Option 1. I would have never assumed that it is thread-safe in the first place. So would have probably implemented a separate lock for it if ever needed. Especially since the locking feature is undocumented.


Is it possible to put lock in instance dict? Maybe use event instead of lock.

    def __get__(self, instance, owner=None):
        if instance is None:
            return self
        if self.attrname is None:
            raise TypeError(
                "Cannot use cached_property instance without calling __set_name__ on it."
            cache = instance.__dict__
        except AttributeError:  # not all objects have __dict__ (e.g. class defines slots)
            msg = (
                f"No '__dict__' attribute on {type(instance).__name__!r} "
                f"instance to cache {self.attrname!r} property."
            raise TypeError(msg) from None
        val = cache.get(self.attrname, _NOT_FOUND)
        if val is _NOT_FOUND:
            sentinel = threading.Event()
            event = cache.setdefault(f"__{self.attrname}_event", sentinel)
            if event is sentinel:
                val = self.func(instance)
                    cache[self.attrname] = val
                except TypeError:
                    msg = (
                        f"The '__dict__' attribute on {type(instance).__name__!r} instance "
                        f"does not support item assignment for caching {self.attrname!r} property."
                    raise TypeError(msg) from None
                val = cache[self.attrname]
        return val

I also create a gist: cached_property · GitHub

Given the options, I’d go for option 1. I think this will give users and package authors enough time to tweak their code.

I always found it rather curious that several packages used their own implementation, despite stdlib providing a drop-in replacement a few years ago, until I looked at the implementation, compared it to several others (Django, Werkzeug, Pyramid, Funcy, Boltons etc) and saw the locking mechanism.

One popular package I remember that makes use of functools.cached_property is Celery’s messaging lib, Kombu. The decorator is used by their transporters.
They use the threaded variant of the cached-property package if Python < 3.8, and even extend whatever decorator is available to implement the rest of the descriptor protocol: kombu/utils/

Flask also has a virtually identical decorator based on the Werkzeug’s solution. Even though they don’t use the functools solution, it might be interesting to see if the The Pallets Projects and Flask maintainers have noticed or been warned about any issues, as Flask is one of the most popular web frameworks in the ecosystem.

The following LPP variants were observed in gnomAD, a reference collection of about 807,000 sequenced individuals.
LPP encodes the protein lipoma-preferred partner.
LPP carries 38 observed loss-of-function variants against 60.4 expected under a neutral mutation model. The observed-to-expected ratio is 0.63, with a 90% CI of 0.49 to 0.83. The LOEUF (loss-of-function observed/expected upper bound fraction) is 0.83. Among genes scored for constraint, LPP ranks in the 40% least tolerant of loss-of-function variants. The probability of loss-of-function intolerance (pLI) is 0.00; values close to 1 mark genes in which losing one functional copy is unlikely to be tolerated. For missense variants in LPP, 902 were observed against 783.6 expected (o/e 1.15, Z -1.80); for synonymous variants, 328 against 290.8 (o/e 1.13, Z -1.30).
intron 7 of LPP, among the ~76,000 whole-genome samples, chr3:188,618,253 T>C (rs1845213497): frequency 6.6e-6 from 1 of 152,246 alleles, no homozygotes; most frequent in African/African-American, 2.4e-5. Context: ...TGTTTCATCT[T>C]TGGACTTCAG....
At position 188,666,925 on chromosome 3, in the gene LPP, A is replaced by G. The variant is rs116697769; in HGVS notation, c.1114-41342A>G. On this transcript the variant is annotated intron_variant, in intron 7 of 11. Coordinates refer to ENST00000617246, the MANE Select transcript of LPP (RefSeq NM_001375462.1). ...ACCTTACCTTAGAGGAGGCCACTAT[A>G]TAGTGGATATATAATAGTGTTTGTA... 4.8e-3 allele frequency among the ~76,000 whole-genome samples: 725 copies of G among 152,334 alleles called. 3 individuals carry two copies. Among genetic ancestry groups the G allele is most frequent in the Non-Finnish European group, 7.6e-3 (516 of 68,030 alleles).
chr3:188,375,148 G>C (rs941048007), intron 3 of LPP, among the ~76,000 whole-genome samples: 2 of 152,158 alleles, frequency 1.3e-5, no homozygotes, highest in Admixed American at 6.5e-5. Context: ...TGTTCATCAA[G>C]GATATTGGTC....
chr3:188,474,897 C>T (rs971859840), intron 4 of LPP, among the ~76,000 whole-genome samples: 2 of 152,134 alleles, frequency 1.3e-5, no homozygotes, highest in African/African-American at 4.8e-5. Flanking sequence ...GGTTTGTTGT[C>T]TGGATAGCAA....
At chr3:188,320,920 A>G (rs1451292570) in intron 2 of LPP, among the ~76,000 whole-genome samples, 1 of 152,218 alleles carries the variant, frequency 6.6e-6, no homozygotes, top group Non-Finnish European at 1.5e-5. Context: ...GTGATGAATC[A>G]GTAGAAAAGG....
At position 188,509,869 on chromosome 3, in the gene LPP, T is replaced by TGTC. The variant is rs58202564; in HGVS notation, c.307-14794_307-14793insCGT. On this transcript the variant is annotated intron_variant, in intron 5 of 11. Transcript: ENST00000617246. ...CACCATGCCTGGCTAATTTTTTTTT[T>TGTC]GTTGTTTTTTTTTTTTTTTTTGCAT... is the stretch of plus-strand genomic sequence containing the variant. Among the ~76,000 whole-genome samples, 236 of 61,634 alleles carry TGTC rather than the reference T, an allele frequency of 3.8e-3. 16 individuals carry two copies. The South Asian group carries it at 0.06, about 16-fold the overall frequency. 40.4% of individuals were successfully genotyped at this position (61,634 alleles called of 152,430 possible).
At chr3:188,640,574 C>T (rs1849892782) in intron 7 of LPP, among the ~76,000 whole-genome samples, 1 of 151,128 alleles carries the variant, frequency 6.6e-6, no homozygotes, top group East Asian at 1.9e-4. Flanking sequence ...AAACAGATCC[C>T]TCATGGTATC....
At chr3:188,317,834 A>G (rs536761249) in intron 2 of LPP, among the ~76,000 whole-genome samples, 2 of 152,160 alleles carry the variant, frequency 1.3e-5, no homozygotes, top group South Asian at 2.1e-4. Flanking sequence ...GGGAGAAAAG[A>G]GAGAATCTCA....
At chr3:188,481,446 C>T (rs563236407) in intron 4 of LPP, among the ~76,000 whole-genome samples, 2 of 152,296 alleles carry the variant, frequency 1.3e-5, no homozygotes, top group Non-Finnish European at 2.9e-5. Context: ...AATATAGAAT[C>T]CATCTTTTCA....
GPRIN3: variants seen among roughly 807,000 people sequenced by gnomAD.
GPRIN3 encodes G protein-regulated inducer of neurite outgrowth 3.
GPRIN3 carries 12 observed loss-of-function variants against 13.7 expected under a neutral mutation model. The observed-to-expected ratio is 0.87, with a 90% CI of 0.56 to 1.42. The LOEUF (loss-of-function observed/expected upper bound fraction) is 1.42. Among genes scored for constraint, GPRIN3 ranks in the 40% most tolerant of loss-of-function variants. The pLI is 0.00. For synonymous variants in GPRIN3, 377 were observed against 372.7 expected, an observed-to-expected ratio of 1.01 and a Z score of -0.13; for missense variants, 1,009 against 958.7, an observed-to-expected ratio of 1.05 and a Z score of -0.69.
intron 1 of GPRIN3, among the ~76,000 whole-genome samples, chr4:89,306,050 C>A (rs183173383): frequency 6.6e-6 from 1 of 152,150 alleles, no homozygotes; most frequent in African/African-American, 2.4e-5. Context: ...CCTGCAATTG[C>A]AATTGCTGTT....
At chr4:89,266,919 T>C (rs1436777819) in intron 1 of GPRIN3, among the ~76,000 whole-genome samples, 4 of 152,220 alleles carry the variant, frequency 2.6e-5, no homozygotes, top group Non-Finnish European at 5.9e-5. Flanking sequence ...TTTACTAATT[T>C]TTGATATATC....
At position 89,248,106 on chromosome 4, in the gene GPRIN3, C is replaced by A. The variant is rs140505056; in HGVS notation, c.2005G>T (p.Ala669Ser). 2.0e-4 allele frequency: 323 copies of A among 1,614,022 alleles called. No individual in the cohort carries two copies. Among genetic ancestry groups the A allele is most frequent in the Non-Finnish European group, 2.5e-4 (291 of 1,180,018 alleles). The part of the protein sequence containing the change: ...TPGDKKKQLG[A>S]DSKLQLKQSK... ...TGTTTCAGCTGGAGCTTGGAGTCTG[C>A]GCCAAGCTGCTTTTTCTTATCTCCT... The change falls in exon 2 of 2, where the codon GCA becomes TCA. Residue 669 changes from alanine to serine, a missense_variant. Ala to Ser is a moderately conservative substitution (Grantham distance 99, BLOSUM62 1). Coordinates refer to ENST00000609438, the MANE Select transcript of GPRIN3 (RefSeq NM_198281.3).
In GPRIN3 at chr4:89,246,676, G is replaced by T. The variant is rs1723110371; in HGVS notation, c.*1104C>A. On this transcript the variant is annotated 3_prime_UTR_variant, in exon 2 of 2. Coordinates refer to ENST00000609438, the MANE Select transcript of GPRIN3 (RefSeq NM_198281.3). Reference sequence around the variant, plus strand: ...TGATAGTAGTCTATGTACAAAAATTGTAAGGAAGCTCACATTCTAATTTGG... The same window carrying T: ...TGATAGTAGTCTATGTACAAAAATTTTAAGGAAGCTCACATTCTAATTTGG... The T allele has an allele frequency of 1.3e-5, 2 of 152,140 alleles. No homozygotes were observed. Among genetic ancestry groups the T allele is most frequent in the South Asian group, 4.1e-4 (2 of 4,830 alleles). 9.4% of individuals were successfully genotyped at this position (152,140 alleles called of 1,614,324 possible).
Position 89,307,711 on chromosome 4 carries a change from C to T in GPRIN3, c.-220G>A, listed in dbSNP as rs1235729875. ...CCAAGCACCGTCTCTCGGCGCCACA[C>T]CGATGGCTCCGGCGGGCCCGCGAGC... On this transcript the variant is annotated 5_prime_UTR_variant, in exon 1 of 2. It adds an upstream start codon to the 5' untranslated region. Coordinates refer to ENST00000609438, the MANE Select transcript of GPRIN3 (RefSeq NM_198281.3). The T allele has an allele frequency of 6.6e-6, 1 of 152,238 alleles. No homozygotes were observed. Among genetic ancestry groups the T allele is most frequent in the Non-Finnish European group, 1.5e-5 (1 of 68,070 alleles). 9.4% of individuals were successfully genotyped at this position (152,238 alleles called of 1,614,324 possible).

1 Like

If I were an end-user of some library, I would try to “reason” about whether it is safe to share object instances between threads using the following logic:

  1. Is the object immutable? If so, I can share it.

  2. If not, can I put locks around mutating operations? If so, I can share it.

The problem is that a cached property is a hidden mutation that might be non-obvious in the interface. I just ask for and little do I know that a mutation is happening behind the scene.

Maybe it still doesn’t matter, as long a the mutation is idempotent. If two threads compute it, perhaps that’s not a problem as long as they both end up writing the same result. Is there a case though where the internal implementation of the cached_property might trip itself up in a multi-threaded environment despite being idempotent?

Presumably so, or nobody would have implemented it with locks in the first place…

My main point is that the creator of the object might not know it is going to be used in a multi-threaded context and consumer of the library might have a reasonable expectation of immutable “behaviour” because fields are only being read, never written.

1 Like

This is indeed a major downside of option 2 (with deprecation.) Fortunately, option 1 seems overwhelmingly favored here, and doesn’t have this problem.

I agree that this is too bad, even with option 1. With option 1 we do have the choice to do things a little faster if we want to; we could even have the fix in 3.12. It’s just a tradeoff between how soon the fix is available vs how much time we give for anyone who might be currently depending on the locking to notice it’s going away.

I don’t see how anyone is left out in the cold. For anyone who was satisfied with the current stdlib behavior, it’s easily copyable. And if anyone wants per-instance locking instead, this is also quite easy to do if you control the specific cached_property – just keep a lock on each instance and acquire it within the cached_property getter function. The difficulty here is not in the locking logic, it’s in doing it generically on an instance method decorator in a non-invasive way. If this per-instance locking turns out to be a widely-shared need, it can make its case for generic stdlib inclusion like any other feature does.

Specific objections have been mentioned. I’ll reiterate them. Any per-instance locking feature inherently will require a lock per instance. Lock objects are not zero-size and zero-cost, and they can’t be pickled. This is completely dead-weight overhead for the vast majority of users who don’t need locking.

Given the implementation complexity and the cost tradeoffs, I don’t think it’s really accurate to describe changing per-class locking to per-instance locking as simply a “bugfix.” It’s more like replacing one (undesirable) feature with a more complex and costly feature, which is better for a few users than the existing feature, but strictly worse for the majority of users who don’t need locking (higher overhead than the per-class locking, with still zero benefit.)